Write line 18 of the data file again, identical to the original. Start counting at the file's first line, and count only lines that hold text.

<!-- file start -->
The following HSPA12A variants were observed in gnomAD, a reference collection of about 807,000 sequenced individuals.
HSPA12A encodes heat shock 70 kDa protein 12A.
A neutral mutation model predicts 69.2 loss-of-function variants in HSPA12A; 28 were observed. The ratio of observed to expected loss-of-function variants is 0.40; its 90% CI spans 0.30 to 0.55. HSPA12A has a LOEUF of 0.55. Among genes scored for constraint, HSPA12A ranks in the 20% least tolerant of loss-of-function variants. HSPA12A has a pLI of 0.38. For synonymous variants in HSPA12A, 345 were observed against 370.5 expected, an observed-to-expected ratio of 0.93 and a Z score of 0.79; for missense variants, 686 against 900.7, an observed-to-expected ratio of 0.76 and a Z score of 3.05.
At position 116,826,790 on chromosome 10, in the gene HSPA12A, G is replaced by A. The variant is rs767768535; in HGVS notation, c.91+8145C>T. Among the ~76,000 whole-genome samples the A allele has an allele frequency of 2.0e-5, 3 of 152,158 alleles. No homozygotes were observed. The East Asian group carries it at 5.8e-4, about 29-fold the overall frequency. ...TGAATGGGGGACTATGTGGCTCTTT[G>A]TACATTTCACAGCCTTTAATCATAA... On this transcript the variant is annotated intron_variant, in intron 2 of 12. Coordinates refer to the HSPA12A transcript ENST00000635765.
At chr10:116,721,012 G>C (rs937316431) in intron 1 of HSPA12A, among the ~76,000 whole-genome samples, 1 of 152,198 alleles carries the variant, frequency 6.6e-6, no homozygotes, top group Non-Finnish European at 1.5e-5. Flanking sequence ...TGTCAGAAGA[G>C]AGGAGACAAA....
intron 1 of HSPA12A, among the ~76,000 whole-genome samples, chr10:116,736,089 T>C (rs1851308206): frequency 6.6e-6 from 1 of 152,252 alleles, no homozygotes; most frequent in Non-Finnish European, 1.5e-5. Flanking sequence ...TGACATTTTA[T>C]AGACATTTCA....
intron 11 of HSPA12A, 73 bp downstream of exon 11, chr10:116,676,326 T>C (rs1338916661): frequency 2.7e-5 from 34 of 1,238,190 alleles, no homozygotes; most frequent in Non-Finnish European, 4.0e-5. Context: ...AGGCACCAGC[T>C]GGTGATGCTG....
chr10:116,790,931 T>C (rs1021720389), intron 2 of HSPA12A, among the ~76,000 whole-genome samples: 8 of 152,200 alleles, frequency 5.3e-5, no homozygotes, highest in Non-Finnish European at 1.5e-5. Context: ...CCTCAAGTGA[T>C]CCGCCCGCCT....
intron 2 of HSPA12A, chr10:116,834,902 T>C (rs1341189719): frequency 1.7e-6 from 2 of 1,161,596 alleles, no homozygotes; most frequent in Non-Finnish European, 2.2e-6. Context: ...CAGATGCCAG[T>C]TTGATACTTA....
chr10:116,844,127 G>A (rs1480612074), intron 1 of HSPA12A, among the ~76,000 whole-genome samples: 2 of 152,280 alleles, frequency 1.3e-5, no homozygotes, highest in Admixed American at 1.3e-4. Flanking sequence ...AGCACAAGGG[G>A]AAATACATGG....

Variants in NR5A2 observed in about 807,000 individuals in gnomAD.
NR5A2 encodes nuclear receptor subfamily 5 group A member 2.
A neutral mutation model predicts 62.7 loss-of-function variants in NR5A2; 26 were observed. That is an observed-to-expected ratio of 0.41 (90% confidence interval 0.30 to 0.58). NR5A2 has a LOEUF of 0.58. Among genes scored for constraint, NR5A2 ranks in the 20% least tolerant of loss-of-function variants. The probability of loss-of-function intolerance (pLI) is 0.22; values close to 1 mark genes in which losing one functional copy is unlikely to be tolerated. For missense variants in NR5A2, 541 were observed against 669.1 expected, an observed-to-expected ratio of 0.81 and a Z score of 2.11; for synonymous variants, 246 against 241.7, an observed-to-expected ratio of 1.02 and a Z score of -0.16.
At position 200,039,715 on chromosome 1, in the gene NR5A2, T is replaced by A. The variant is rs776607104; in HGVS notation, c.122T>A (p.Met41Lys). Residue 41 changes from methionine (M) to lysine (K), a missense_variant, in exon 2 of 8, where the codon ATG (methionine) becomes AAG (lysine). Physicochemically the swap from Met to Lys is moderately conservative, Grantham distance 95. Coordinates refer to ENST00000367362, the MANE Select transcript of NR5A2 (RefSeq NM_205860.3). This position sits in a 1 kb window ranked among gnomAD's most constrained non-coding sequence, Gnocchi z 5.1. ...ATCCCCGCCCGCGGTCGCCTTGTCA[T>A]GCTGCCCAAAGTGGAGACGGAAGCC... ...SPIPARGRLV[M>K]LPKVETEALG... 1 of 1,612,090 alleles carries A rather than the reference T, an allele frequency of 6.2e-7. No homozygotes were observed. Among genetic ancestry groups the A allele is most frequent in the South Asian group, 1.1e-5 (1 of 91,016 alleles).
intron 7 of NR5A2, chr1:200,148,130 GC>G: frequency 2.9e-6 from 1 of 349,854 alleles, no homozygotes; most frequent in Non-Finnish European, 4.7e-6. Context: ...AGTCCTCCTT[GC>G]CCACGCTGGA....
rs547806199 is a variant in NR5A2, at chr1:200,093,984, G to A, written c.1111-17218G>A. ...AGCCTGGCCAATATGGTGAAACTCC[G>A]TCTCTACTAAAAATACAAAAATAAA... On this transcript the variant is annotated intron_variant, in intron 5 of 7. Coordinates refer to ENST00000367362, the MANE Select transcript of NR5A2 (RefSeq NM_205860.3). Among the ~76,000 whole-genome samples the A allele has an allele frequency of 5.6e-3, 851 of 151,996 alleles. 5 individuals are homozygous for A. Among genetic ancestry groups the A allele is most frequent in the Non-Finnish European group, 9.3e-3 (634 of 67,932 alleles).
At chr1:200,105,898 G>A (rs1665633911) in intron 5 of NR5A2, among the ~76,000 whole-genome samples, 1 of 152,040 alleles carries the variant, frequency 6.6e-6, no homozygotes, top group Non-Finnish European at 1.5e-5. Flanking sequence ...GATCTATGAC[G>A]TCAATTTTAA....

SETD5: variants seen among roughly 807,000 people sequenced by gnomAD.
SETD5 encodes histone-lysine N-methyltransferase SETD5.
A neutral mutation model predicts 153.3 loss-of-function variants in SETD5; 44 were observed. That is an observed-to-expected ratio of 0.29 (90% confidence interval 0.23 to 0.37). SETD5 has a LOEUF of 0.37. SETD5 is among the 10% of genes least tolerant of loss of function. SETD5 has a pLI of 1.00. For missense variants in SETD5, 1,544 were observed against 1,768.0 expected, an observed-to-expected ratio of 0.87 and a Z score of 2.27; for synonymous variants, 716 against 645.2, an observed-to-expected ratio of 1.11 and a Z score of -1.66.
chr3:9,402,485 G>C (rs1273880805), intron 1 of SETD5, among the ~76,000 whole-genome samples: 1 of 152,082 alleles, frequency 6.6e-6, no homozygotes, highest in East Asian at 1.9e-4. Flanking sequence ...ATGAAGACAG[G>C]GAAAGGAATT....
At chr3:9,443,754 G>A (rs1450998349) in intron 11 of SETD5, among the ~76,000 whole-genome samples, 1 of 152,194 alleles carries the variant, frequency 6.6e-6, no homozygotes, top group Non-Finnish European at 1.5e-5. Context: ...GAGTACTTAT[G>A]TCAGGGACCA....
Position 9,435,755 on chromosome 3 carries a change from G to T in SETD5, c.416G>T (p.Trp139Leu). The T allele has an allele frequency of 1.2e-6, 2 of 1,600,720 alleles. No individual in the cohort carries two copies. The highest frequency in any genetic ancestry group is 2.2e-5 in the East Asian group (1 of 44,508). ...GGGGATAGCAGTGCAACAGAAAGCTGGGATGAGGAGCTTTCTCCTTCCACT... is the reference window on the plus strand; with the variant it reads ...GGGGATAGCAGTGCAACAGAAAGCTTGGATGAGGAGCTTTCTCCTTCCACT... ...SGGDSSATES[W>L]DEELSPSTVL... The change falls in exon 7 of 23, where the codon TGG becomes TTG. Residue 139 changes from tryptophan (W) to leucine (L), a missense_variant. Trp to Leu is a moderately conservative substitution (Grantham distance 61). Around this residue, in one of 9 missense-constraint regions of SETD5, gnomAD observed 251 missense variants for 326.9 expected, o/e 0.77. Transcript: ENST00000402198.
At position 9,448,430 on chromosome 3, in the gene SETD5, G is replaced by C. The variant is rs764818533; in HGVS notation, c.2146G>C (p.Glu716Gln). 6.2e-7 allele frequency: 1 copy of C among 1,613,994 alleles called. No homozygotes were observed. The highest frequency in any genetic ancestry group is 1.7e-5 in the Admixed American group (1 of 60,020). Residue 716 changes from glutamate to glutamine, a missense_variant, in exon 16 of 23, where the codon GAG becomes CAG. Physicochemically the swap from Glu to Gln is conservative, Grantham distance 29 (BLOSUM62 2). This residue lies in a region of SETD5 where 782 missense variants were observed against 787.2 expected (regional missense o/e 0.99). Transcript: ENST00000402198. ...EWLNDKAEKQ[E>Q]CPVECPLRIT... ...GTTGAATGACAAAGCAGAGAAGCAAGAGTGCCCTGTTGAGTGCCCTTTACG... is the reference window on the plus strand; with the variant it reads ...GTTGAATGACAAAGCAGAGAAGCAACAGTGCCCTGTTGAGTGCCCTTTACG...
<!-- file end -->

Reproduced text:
SETD5: variants seen among roughly 807,000 people sequenced by gnomAD.